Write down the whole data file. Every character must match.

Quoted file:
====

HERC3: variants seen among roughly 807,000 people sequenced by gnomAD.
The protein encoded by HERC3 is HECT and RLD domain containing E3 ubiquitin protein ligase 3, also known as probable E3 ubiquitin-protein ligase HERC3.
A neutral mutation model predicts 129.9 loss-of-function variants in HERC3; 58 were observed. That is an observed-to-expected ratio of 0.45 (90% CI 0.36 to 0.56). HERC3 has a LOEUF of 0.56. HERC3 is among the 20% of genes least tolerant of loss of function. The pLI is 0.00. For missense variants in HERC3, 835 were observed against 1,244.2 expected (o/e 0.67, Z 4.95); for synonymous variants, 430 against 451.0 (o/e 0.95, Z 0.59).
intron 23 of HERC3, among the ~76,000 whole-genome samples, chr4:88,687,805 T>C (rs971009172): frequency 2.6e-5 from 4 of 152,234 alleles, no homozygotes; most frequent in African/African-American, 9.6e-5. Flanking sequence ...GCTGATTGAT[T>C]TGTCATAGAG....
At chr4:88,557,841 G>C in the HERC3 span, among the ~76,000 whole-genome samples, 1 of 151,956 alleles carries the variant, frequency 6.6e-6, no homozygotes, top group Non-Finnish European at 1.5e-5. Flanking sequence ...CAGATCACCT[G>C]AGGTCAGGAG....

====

HERC3: variants seen among roughly 807,000 people sequenced by gnomAD.
The protein encoded by HERC3 is HECT and RLD domain containing E3 ubiquitin protein ligase 3, also known as probable E3 ubiquitin-protein ligase HERC3.
A neutral mutation model predicts 129.9 loss-of-function variants in HERC3; 58 were observed. That is an observed-to-expected ratio of 0.45 (90% CI 0.36 to 0.56). HERC3 has a LOEUF of 0.56. HERC3 is among the 20% of genes least tolerant of loss of function. The pLI is 0.00. For missense variants in HERC3, 835 were observed against 1,244.2 expected (o/e 0.67, Z 4.95); for synonymous variants, 430 against 451.0 (o/e 0.95, Z 0.59).
intron 23 of HERC3, among the ~76,000 whole-genome samples, chr4:88,687,805 T>C (rs971009172): frequency 2.6e-5 from 4 of 152,234 alleles, no homozygotes; most frequent in African/African-American, 9.6e-5. Flanking sequence ...GCTGATTGAT[T>C]TGTCATAGAG....
At chr4:88,557,841 G>C in the HERC3 span, among the ~76,000 whole-genome samples, 1 of 151,956 alleles carries the variant, frequency 6.6e-6, no homozygotes, top group Non-Finnish European at 1.5e-5. Flanking sequence ...CAGATCACCT[G>C]AGGTCAGGAG....